Arti­cle ZHAW Alumni

Time and again, after their  employ­ment rela­ti­ons­hip has ended, employees demand com­pen­sa­tion for over­time worked. There are some hurd­les to over­come here.

Over­time is the posi­tive dif­fe­rence in time bet­ween the hours worked and the nor­mal working hours. Accord­ing to the Swiss Code of Obli­ga­ti­ons (SCO), working time is deter­mi­ned by agree­ment, prac­tice, collec­tive or stan­dard employ­ment con­tract. Thus, if a 40-hour workload was agreed in an employ­ment con­tract and the employee per­forms 42 hours of ope­ra­tio­nally necessary work, two hours of over­time have been worked. Part-time employees may also work overtime.

A posi­tive fle­xi­time balance means no overtime
Howe­ver, these over­time hours must be necessary for the com­pany: they must eit­her be aut­ho­ri­sed or sub­se­quently appro­ved. This dis­tin­guis­hes them from a posi­tive fle­xi­time balance. In the fle­xi­time model, the employee has a cer­tain amount of time auto­nomy: he deci­des when to work more and when to work less, usually in com­pli­ance with cer­tain block times. If the employee vol­un­ta­rily works more, this results in a posi­tive fle­xi­time balance. Howe­ver, this is not over­time that is necessary for the com­pany. And that has con­se­quen­ces: Accord­ing to the Swiss Federal Supreme Court, in the ter­mi­na­ted employ­ment rela­ti­ons­hip it is the employee’s respon­si­bi­lity to work out a posi­tive fle­xi­time balance during the ordi­nary notice period. If this is no lon­ger pos­si­ble, the addi­tio­nal hours are for­fei­ted without com­pen­sa­tion. For this rea­son, it is also per­mis­si­ble to pro­vide that, at the end of the year, a cer­tain num­ber of over­time hours expire without enti­t­le­ment to compensation.

Com­pen­sa­tion of over­time through time off
The SCO sti­pu­la­tes that, with the con­sent of the employee, the employer may, wit­hin a rea­son­able period of time, com­pen­sate over­time work with time off of at least the same dura­tion. Accord­in­gly, the employee’s con­sent is requi­red to com­pen­sate over­time with time off. This principle should be recal­led, in par­ti­cu­lar, in con­nec­tion with leave of absence. One often encoun­ters for­mu­la­ti­ons accord­ing to which holi­days and any over­time are con­si­de­red to be com­pen­sa­ted with time off. With regard to over­time, howe­ver, this is only pos­si­ble if the employee agrees. This agree­ment may already be con­tai­ned in the employ­ment con­tract or in per­son­nel regu­la­ti­ons. If the over­time work is not com­pen­sa­ted by time off and not­hing to the con­trary has been agreed in wri­ting, the employer must pay wages for the over­time work based on the stan­dard wage plus a pre­mium of at least one quar­ter. The par­ties may deviate from this pro­vi­sion by writ­ten agreement.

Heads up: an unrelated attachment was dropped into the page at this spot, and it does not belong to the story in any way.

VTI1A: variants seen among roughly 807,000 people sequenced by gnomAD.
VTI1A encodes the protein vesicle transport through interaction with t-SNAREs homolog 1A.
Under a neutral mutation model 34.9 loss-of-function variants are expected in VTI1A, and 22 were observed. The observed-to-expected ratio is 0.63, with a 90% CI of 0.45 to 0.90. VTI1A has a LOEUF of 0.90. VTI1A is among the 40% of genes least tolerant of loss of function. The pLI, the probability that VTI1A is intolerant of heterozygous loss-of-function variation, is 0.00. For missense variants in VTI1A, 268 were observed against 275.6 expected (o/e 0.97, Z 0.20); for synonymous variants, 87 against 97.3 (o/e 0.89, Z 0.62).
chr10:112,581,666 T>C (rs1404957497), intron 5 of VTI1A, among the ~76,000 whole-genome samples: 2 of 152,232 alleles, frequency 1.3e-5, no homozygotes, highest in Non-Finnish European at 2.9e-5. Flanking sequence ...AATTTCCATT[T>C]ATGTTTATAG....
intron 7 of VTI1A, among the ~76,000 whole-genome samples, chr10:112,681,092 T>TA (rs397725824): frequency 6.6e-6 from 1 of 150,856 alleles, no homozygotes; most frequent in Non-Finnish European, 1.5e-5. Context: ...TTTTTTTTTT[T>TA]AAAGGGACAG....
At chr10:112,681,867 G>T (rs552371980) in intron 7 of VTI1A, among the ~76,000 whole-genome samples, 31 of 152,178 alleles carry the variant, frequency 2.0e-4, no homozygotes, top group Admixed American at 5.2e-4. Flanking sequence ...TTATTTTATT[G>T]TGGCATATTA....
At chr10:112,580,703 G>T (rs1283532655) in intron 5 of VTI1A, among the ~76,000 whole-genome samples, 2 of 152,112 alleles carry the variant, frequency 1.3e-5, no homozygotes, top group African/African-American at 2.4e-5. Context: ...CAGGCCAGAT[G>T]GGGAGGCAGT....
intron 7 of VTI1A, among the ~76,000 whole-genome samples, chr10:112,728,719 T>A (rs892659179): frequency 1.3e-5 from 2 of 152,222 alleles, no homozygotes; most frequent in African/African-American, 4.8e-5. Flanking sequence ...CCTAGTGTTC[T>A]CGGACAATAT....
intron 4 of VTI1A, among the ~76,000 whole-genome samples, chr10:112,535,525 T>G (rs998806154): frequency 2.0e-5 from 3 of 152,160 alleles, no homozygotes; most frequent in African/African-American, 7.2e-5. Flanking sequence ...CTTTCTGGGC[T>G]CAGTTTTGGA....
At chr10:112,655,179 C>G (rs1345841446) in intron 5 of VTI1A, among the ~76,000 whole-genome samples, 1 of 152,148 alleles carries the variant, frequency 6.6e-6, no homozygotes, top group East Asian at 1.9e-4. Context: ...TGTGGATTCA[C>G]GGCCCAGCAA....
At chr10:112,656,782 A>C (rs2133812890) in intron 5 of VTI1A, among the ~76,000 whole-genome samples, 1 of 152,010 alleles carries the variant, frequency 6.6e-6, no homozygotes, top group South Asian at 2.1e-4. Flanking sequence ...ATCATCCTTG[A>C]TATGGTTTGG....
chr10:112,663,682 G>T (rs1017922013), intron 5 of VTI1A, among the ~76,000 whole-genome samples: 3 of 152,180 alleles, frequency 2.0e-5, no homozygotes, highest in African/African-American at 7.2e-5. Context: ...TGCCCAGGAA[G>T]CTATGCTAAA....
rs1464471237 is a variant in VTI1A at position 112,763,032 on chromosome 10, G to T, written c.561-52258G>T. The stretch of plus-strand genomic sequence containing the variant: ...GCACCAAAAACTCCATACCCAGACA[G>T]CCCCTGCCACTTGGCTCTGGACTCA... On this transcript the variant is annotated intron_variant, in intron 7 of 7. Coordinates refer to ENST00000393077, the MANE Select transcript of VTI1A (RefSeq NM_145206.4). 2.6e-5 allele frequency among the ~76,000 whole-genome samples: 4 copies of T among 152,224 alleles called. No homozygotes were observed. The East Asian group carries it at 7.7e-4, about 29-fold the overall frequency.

The enfor­cea­bi­lity of overtime
The employee who claims over­time must prove that he actually worked these hours and that they were ope­ra­tio­nally necessary — this is the case, for example, if over­time was aut­ho­ri­sed by the super­vi­sor. Howe­ver, if the employee works over­time without being asked to do so and fails to report this extra work to the employer immedia­tely, he risks losing his claim. The situa­tion is dif­fe­rent if the employer knew or should have known about the over­time in any case and fai­led to intervene.

Prac­ti­cal tips for alumni
The ques­tion of whe­ther and how much over­time has been worked is often a cause of con­cern for the courts. Espe­cially if the working time was not recor­ded by a sys­tem. The employee’s own records can only allow the court to esti­mate if they are con­ti­nuous. If the records are only made retro­spec­tively, e.g. after ter­mi­na­tion of the employ­ment rela­ti­ons­hip, there is a risk of for­feit­ure of these over­time hours. If the com­pany does not main­tain a time record­ing sys­tem, which often hap­pens in prac­tice des­pite the legal obli­ga­tion, the over­time should be con­ti­nuously noted in a sepa­rate calen­dar. In the case of time off, a check must be made as to whe­ther the employee gave the necessary con­sent to the compensation.

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